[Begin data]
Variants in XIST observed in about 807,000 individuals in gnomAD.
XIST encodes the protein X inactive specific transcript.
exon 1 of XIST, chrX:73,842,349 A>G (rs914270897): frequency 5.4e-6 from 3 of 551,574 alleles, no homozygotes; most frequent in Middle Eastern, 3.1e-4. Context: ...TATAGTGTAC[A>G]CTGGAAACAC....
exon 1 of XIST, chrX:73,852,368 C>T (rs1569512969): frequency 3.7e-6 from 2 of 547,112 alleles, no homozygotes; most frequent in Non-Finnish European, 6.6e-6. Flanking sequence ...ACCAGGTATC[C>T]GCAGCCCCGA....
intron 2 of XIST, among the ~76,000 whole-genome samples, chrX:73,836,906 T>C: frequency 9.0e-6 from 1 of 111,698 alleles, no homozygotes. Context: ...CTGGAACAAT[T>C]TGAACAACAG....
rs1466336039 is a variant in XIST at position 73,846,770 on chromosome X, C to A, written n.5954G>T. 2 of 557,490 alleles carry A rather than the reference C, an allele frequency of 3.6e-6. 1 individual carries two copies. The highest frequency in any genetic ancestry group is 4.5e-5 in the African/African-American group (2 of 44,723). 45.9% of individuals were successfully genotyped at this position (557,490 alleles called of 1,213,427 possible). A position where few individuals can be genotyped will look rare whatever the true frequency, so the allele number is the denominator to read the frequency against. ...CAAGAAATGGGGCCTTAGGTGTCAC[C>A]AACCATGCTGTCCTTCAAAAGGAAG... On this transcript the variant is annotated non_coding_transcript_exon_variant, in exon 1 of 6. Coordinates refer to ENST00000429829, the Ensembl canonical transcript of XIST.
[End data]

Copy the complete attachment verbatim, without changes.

Variants in XIST observed in about 807,000 individuals in gnomAD.
XIST encodes the protein X inactive specific transcript.
exon 1 of XIST, chrX:73,842,349 A>G (rs914270897): frequency 5.4e-6 from 3 of 551,574 alleles, no homozygotes; most frequent in Middle Eastern, 3.1e-4. Context: ...TATAGTGTAC[A>G]CTGGAAACAC....
exon 1 of XIST, chrX:73,852,368 C>T (rs1569512969): frequency 3.7e-6 from 2 of 547,112 alleles, no homozygotes; most frequent in Non-Finnish European, 6.6e-6. Flanking sequence ...ACCAGGTATC[C>T]GCAGCCCCGA....
intron 2 of XIST, among the ~76,000 whole-genome samples, chrX:73,836,906 T>C: frequency 9.0e-6 from 1 of 111,698 alleles, no homozygotes. Context: ...CTGGAACAAT[T>C]TGAACAACAG....
rs1466336039 is a variant in XIST at position 73,846,770 on chromosome X, C to A, written n.5954G>T. 2 of 557,490 alleles carry A rather than the reference C, an allele frequency of 3.6e-6. 1 individual carries two copies. The highest frequency in any genetic ancestry group is 4.5e-5 in the African/African-American group (2 of 44,723). 45.9% of individuals were successfully genotyped at this position (557,490 alleles called of 1,213,427 possible). A position where few individuals can be genotyped will look rare whatever the true frequency, so the allele number is the denominator to read the frequency against. ...CAAGAAATGGGGCCTTAGGTGTCAC[C>A]AACCATGCTGTCCTTCAAAAGGAAG... On this transcript the variant is annotated non_coding_transcript_exon_variant, in exon 1 of 6. Coordinates refer to ENST00000429829, the Ensembl canonical transcript of XIST.